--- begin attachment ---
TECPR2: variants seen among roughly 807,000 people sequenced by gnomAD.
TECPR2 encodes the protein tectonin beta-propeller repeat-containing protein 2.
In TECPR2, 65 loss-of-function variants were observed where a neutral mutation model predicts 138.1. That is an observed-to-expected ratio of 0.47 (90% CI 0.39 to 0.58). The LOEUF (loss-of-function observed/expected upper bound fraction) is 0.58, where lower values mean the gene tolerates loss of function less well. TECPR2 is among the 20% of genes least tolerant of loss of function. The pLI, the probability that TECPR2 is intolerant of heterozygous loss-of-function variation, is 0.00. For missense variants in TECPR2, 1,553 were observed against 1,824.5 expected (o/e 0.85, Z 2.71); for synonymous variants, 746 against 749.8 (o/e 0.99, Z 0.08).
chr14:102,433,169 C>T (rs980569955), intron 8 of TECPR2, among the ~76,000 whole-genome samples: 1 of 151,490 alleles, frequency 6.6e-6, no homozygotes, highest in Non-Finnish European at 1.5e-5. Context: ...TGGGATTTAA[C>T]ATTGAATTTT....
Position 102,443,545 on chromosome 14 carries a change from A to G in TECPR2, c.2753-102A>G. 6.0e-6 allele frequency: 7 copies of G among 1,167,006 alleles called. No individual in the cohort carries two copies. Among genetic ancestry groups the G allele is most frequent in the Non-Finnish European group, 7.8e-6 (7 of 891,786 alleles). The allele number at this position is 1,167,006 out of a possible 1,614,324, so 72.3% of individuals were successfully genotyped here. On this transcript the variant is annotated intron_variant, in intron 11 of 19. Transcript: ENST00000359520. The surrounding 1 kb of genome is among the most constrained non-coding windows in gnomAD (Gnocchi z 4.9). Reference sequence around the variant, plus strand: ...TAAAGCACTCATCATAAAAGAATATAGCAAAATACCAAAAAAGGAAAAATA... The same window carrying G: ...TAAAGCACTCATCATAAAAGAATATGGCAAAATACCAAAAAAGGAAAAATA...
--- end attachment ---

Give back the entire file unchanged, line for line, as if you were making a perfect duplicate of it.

TECPR2: variants seen among roughly 807,000 people sequenced by gnomAD.
TECPR2 encodes the protein tectonin beta-propeller repeat-containing protein 2.
In TECPR2, 65 loss-of-function variants were observed where a neutral mutation model predicts 138.1. That is an observed-to-expected ratio of 0.47 (90% CI 0.39 to 0.58). The LOEUF (loss-of-function observed/expected upper bound fraction) is 0.58, where lower values mean the gene tolerates loss of function less well. TECPR2 is among the 20% of genes least tolerant of loss of function. The pLI, the probability that TECPR2 is intolerant of heterozygous loss-of-function variation, is 0.00. For missense variants in TECPR2, 1,553 were observed against 1,824.5 expected (o/e 0.85, Z 2.71); for synonymous variants, 746 against 749.8 (o/e 0.99, Z 0.08).
chr14:102,433,169 C>T (rs980569955), intron 8 of TECPR2, among the ~76,000 whole-genome samples: 1 of 151,490 alleles, frequency 6.6e-6, no homozygotes, highest in Non-Finnish European at 1.5e-5. Context: ...TGGGATTTAA[C>T]ATTGAATTTT....
Position 102,443,545 on chromosome 14 carries a change from A to G in TECPR2, c.2753-102A>G. 6.0e-6 allele frequency: 7 copies of G among 1,167,006 alleles called. No individual in the cohort carries two copies. Among genetic ancestry groups the G allele is most frequent in the Non-Finnish European group, 7.8e-6 (7 of 891,786 alleles). The allele number at this position is 1,167,006 out of a possible 1,614,324, so 72.3% of individuals were successfully genotyped here. On this transcript the variant is annotated intron_variant, in intron 11 of 19. Transcript: ENST00000359520. The surrounding 1 kb of genome is among the most constrained non-coding windows in gnomAD (Gnocchi z 4.9). Reference sequence around the variant, plus strand: ...TAAAGCACTCATCATAAAAGAATATAGCAAAATACCAAAAAAGGAAAAATA... The same window carrying G: ...TAAAGCACTCATCATAAAAGAATATGGCAAAATACCAAAAAAGGAAAAATA...